Thijs Jansen


The perhaps surprisingly small size of Jansen's panels does not mean the works can be viewed with a cursory glance. On the contrary. The viewer wishing to take in all the details - how the light falls, the perspective, the spatial composition, the motifs or the varied painting techniques - of his precisely created compositions, will have to stop and take their time. "This format is a means of forcing a deeper level of concentration," says the artist.
The everyday nature of the situations depicted reflects the chosen materials: a wooden plank, unframed, slightly uneven. Jansen's former ambition to be a comic-strip artist is often evident; not only in the narrative rendition, but also in the often comic-style images of, for example, the portrait gallery in International Rescue (2010, 25 x 30 cm) or in his striking love of details, as shown in his piquant work De pornohoek ['The porn corner'] (2010, 25 x 30 cm).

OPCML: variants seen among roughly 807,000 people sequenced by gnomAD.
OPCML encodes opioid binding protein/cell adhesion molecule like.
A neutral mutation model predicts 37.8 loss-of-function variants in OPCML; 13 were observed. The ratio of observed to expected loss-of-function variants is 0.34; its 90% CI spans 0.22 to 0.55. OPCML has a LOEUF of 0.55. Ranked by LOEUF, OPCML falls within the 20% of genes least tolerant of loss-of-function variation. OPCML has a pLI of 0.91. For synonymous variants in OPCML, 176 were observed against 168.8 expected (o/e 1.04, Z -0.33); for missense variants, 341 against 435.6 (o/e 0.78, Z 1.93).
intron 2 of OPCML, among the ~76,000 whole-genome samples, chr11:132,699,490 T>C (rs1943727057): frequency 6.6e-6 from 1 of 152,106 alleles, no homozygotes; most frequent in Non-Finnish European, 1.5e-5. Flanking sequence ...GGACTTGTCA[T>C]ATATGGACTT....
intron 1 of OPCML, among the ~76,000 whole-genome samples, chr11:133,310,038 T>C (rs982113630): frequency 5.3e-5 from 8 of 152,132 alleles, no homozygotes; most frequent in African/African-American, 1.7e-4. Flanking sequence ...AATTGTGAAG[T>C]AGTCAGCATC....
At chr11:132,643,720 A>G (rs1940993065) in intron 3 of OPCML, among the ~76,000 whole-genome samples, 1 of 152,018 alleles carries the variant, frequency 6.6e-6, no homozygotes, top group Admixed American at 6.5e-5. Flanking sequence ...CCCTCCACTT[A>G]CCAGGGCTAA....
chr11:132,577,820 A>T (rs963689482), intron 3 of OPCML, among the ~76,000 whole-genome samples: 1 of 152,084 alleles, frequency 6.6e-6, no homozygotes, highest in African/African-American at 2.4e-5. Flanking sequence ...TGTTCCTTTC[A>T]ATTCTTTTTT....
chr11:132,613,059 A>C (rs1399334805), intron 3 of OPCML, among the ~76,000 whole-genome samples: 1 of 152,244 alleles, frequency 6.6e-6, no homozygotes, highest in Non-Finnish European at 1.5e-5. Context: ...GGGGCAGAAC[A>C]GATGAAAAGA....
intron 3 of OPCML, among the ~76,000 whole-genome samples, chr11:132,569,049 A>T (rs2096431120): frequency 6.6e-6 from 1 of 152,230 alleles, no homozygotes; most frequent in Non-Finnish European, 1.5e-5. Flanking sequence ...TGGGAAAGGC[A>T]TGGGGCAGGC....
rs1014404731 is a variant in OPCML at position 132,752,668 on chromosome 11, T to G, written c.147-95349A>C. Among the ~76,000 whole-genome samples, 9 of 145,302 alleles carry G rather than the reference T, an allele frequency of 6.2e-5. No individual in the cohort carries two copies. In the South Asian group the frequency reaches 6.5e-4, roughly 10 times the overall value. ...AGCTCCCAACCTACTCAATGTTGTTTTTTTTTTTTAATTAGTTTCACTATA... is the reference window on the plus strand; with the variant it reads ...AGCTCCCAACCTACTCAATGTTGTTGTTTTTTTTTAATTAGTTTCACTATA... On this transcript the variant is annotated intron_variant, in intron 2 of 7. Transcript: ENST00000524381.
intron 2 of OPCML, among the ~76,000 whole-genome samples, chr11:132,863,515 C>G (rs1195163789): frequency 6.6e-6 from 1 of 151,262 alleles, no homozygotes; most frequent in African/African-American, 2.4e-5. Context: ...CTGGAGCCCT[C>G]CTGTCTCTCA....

Jansen begins with a thick base layer applied with a large brush whereby the paint spills over the edges of the panel, and goes on to build up a complex spatial setting using oil and acrylic paints.
Back in 2009 the brushstrokes are still somewhat transparent and sketchy. Sometimes he uses pencil (Kleedhokjes ['Changing cubicles'], 2009). An ochre background is dimly visible through the uppermost layer of paint, emphasizing the stagelike feeling of the panels. The artist uses tape to help create straight lines and larger planes.
In this way he builds up layers of paint that are minuscule yet solid. In his latest works this results in an almost three-dimensional surface whereby in addition to paint and tape, he uses a scratch knife. Jansen: "In this way you can use opposite means to achieve the same result."